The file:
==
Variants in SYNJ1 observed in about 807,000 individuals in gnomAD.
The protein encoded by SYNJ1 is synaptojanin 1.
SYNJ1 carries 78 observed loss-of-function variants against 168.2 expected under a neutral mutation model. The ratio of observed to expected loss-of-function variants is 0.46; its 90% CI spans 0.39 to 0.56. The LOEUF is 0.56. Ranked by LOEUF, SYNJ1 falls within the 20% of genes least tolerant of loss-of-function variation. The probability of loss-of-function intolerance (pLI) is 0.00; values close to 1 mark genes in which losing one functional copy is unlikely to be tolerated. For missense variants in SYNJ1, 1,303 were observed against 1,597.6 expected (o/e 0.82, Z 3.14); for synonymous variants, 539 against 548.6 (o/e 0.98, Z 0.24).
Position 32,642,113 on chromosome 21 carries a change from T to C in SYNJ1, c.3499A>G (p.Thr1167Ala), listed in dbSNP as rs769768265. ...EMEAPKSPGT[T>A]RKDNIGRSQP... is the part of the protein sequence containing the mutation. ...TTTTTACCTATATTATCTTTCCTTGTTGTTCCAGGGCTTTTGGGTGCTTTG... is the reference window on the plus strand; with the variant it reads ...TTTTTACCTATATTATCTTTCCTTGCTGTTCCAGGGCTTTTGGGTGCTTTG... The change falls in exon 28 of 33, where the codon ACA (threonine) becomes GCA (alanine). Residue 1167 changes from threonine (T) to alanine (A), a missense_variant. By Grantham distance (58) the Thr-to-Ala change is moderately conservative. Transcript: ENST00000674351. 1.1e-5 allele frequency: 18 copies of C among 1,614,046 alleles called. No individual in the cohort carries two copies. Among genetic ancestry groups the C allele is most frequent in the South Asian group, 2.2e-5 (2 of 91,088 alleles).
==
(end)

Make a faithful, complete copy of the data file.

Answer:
Variants in SYNJ1 observed in about 807,000 individuals in gnomAD.
The protein encoded by SYNJ1 is synaptojanin 1.
SYNJ1 carries 78 observed loss-of-function variants against 168.2 expected under a neutral mutation model. The ratio of observed to expected loss-of-function variants is 0.46; its 90% CI spans 0.39 to 0.56. The LOEUF is 0.56. Ranked by LOEUF, SYNJ1 falls within the 20% of genes least tolerant of loss-of-function variation. The probability of loss-of-function intolerance (pLI) is 0.00; values close to 1 mark genes in which losing one functional copy is unlikely to be tolerated. For missense variants in SYNJ1, 1,303 were observed against 1,597.6 expected (o/e 0.82, Z 3.14); for synonymous variants, 539 against 548.6 (o/e 0.98, Z 0.24).
Position 32,642,113 on chromosome 21 carries a change from T to C in SYNJ1, c.3499A>G (p.Thr1167Ala), listed in dbSNP as rs769768265. ...EMEAPKSPGT[T>A]RKDNIGRSQP... is the part of the protein sequence containing the mutation. ...TTTTTACCTATATTATCTTTCCTTGTTGTTCCAGGGCTTTTGGGTGCTTTG... is the reference window on the plus strand; with the variant it reads ...TTTTTACCTATATTATCTTTCCTTGCTGTTCCAGGGCTTTTGGGTGCTTTG... The change falls in exon 28 of 33, where the codon ACA (threonine) becomes GCA (alanine). Residue 1167 changes from threonine (T) to alanine (A), a missense_variant. By Grantham distance (58) the Thr-to-Ala change is moderately conservative. Transcript: ENST00000674351. 1.1e-5 allele frequency: 18 copies of C among 1,614,046 alleles called. No individual in the cohort carries two copies. Among genetic ancestry groups the C allele is most frequent in the South Asian group, 2.2e-5 (2 of 91,088 alleles).